Research Brief

ESG Investors in China Focused on Profit Potential of Climate Change

Less attention to downside of nation’s carbon-neutral goals

ESG investing, which has attracted some $40 trillion thus far and is increasingly focused on the E-for-environment, is essentially a two-sided coin.

One side seeks to avoid owning stock in companies with substantial environmental liabilities or reliance on operations that pollute. This risk-avoidance impulse also gets portrayed as altruistic, wanting to shun perceived bad actors. Think Exxon, the oil and gas giant.

The other side of the coin is the desire to own companies that might profit from the shift to a low-carbon economy. Think First Solar, maker of solar panels.

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Which side is of most interest?

In a working paper, UCLA Anderson’s Henry L. Friedman, Chinese University of Hong Kong-Shenzhen’s Kanyuan Huang and Shanghai Lixin University of Accounting and Finance’s Kaiwen Wu leverage a unique feature of the Chinese stock market that provides platforms for investors to lob questions at firms. Not only must management respond to investor questions within a few days, it is typically a high-ranking manager titled “board secretary” — a role often taken by the CFO — who oversees these questions.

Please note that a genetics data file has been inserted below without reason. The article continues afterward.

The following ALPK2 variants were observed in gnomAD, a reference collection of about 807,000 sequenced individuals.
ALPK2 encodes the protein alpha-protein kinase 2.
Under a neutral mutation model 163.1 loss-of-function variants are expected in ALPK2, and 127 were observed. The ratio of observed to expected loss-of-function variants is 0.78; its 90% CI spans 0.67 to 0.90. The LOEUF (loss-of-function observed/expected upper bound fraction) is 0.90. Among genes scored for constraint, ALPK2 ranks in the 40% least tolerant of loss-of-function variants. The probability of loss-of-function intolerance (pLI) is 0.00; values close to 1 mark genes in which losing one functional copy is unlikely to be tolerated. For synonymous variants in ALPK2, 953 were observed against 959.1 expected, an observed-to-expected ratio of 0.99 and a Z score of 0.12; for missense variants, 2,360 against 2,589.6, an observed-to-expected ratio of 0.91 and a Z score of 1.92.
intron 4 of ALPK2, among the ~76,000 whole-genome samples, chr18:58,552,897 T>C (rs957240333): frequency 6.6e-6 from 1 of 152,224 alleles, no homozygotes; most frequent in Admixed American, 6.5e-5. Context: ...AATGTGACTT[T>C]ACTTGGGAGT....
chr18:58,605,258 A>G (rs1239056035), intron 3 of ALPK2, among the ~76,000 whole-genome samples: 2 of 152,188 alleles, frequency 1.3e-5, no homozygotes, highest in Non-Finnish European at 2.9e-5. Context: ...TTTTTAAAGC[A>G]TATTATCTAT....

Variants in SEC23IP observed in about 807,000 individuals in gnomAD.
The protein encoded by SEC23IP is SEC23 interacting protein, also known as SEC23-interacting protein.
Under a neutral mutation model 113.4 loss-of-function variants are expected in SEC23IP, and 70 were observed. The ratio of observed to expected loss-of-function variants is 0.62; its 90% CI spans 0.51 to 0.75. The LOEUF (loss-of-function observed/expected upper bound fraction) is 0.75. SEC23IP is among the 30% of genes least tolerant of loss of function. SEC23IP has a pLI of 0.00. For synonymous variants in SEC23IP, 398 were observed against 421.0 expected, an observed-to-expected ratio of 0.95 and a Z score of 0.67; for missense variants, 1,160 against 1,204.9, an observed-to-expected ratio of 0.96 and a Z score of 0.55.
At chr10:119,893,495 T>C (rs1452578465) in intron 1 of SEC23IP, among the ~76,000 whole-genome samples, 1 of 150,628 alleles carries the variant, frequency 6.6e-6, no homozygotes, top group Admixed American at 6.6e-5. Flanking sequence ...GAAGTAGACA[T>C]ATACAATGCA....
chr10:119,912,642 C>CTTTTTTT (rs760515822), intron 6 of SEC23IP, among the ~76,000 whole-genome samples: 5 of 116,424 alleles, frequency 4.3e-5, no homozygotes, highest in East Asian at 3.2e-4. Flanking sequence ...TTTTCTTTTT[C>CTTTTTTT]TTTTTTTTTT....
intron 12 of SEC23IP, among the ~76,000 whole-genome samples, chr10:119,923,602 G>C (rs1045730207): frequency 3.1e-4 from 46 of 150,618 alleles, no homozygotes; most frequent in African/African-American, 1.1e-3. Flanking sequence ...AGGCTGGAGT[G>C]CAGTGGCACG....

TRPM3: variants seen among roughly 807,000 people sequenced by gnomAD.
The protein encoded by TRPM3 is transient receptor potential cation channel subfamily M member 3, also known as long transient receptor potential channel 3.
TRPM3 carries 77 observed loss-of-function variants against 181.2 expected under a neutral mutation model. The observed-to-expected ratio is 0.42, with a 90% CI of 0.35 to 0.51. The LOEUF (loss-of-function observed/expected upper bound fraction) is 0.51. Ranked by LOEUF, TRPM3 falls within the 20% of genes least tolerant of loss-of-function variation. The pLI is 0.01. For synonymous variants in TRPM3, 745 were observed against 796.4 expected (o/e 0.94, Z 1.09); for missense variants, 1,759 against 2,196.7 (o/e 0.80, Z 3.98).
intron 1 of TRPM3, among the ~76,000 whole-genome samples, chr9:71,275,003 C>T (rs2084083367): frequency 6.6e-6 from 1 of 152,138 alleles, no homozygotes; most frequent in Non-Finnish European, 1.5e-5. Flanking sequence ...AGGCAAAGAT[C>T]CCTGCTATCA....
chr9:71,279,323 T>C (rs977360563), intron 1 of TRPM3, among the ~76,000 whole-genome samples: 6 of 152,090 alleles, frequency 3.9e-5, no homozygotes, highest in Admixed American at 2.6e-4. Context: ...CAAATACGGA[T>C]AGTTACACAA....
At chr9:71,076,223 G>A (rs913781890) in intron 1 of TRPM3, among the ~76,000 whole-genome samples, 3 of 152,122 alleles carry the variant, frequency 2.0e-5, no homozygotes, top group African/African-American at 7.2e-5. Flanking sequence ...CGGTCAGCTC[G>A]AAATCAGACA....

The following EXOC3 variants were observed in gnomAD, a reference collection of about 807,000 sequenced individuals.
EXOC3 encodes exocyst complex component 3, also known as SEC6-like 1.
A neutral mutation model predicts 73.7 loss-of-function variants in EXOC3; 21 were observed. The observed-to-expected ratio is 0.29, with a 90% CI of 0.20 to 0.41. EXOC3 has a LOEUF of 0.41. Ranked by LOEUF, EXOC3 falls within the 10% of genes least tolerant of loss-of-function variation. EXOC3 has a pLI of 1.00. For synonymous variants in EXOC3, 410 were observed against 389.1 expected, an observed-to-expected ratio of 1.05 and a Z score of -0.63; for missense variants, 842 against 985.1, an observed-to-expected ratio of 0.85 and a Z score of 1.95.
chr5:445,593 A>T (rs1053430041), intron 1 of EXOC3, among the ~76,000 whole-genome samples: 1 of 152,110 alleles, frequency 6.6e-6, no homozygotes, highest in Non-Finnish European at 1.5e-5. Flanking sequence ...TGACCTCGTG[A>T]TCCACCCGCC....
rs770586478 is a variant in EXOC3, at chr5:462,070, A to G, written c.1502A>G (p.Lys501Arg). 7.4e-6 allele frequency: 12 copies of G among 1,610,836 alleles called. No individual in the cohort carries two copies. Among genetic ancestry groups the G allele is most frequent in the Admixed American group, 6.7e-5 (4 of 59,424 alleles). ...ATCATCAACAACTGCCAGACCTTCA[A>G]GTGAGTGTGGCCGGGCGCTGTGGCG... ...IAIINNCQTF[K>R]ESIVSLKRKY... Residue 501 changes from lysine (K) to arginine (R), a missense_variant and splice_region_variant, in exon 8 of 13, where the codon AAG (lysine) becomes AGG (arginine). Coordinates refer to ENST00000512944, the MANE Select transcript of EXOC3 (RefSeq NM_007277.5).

The back-and-forth suggests that investors in China are more focused on the upside from climate change — are companies positioned to profit? — and less on the downside.

The word clouds below gleaned from both investor questions and management answers have a forward-looking emphasis on where firms are headed, and less emphasis on where they are at today in terms of exposure. (You’ll need to look a bit to find “emission” while “development” and “technology” loom large.

A big shift in China’s carbon-emissions policy announced in March 2021 provided the researchers with a real-time event to track the extent to which a full-throated government commitment to carbon neutrality played out in the volume and nature of carbon-related questions.

Chinese President Xi Jinping had previously pledged in the fall of 2020 that the country would reach peak carbon emissions in 2030, and from there it would be transitioning to net carbon neutrality by 2060. But given the venue of that pronouncement — the United Nations — it was received as more diplomatic talk than policy. That changed in March 2021 when the Chinese government announced in a high-level governmental meeting that the 2030/2060 goals were enshrined as national economic policy.

The researchers document that around and following the government announcement, investors submitted a large increase in carbon-related questions.

Hand-wringing over potential downside? Not so much. Rather, investors were mostly interested in data related to whether a firm was positioned to benefit from the government’s explicit goals for a green transition within 40 years.

The researchers also teased out signals that the increase in carbon-related questions was not because investors internalized the government’s policy as a reason to become more socially responsible. The researchers found evidence that suggests investor questions were more rooted in wanting to figure out where there was profit to be made, not just doing good.

Eyeing the Upside to Carbon Neutrality